Jacob and his overnight guests cleaning up after some girls teepee-ed the house. It’s a n innocent, if annoying, prank that kids have been doing for years. Jordan and the boys intended to retaliate last night but all fell asleep, and we all slept with lights ablaze all night.
Some not so innocent pranks are going on. I hear rumors of Trump followers attacking minorities, and Trump opponents protesting, though peacefully as far as I know. Facebook has poignant posts from people who have been unfriended by longtime friends and are hurt, angry, puzzled. All over politics. At this time, when the nation needs to come together in unity, the division is getting more sharp.
I had my own minor experience. A friend I’d known and shared confidences with, encouraged her publication hopes, cheered for her over the last few years, sent me an email saying her opinion was good enough to elect a president, and I needed to stop thinking that my opinion was the only one that matters. Their sanctimonious attitude defeated the Democrats, and I needed to get off my high horse. I was stunned, and naïve as I am, thought she’d been hacked. Not so. Politics, she said, has nothing to do with friendship.
I’m not so sure about that, not sure I separate the threads of my friendships so easily. And I am saddened that someone has that opinion of me. Beyond that, there were several ways I could have responded, the most obvious being to retort with comments about Trump and rudeness and compassion.
I didn’t. Because I believe that message is exactly the kind of thinking we need to eradicate, the pitting of one side against the other. I wrote instead that I was stunned, sorry, apologetic. It was my step into my new world of love, forgiveness and unity. I truly believe in these troubled, contentious times the only hope for America is for us all to come together as Americans—not Trump followers, not Trump protestors, not black, white, gay, straight, Muslim, whatever—just Americans. And work together to build unity in our country.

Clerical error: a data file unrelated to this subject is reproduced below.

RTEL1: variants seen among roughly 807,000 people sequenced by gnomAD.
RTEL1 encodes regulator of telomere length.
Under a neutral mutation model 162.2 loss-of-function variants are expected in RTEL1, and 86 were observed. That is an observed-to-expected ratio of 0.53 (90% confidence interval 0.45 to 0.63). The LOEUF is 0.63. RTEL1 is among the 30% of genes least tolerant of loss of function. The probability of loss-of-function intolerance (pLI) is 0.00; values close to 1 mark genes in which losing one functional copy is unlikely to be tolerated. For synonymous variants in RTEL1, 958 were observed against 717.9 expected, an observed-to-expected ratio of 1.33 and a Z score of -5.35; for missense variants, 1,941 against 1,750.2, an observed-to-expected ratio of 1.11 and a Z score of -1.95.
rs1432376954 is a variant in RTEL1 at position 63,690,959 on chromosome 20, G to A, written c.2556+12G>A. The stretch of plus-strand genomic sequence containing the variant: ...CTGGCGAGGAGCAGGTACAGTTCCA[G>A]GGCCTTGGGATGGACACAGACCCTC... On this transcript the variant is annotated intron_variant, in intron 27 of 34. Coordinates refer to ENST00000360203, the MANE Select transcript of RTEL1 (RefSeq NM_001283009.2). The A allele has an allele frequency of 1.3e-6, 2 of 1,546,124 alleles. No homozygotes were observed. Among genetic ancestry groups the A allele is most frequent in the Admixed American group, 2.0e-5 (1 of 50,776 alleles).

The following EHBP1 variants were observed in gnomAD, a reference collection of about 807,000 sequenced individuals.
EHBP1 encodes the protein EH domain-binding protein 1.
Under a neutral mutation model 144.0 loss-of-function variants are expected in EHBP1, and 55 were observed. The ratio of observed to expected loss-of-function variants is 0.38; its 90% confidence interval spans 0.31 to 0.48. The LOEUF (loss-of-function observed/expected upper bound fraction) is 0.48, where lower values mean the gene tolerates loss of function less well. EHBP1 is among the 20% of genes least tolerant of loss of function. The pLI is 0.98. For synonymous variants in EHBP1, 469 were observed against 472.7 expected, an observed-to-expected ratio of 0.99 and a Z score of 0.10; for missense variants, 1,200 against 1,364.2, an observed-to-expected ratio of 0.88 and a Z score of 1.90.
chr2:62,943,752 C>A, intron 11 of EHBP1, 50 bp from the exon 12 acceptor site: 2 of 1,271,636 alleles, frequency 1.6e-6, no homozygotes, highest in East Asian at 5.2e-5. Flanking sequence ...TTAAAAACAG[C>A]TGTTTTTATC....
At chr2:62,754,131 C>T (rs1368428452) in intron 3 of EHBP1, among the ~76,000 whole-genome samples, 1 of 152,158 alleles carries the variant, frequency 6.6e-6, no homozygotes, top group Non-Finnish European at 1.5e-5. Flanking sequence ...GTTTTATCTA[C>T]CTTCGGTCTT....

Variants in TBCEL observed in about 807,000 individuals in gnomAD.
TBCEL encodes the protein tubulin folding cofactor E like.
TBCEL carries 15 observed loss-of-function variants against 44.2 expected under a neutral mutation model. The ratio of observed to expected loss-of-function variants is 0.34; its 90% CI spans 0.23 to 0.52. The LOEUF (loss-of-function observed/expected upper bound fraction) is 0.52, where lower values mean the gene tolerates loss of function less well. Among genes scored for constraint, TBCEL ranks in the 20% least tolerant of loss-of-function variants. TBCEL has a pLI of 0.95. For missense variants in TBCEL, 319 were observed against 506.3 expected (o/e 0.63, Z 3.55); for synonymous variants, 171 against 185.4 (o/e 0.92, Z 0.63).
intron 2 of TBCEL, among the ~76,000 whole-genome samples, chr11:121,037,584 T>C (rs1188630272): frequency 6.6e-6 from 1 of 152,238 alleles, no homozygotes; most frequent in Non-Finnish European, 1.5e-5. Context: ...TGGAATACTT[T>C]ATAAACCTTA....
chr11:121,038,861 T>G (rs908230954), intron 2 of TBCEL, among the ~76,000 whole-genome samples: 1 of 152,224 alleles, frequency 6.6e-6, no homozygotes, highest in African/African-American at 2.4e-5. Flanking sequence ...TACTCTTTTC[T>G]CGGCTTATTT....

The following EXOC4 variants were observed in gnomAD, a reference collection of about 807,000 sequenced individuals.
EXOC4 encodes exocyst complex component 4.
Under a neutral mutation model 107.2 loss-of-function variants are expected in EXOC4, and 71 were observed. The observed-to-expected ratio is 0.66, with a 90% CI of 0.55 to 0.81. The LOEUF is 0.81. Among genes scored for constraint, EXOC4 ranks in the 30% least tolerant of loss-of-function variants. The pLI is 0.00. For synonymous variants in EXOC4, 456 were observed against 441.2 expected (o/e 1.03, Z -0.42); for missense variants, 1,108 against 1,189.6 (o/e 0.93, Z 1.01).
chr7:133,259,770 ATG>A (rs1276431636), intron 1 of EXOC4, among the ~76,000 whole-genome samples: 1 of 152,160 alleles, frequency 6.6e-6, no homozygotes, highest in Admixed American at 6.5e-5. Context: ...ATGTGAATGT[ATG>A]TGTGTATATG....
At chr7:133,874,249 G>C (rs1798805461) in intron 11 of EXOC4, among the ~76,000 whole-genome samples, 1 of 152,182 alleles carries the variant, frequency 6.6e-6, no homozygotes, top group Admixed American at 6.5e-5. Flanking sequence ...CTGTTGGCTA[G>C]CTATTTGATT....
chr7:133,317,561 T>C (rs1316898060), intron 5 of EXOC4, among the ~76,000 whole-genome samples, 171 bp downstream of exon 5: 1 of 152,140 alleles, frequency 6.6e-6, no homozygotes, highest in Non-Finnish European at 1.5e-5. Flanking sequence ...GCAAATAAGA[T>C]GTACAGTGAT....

Begin with that safety pin that says you welcome and will protect people of whatever persuasion. But don’t attack those who differ with you, and don’t bemoan the incoming president’s election. It is what it is—now what can you do to make it better?
I almost didn’t post this story. My friend will read it and she will be angry and I’m sorry. But I truly believe the larger message is more important.
Let us put differences aside and remember that we are all Americans, with a glorious heritage and, if we will work for it, a bright future.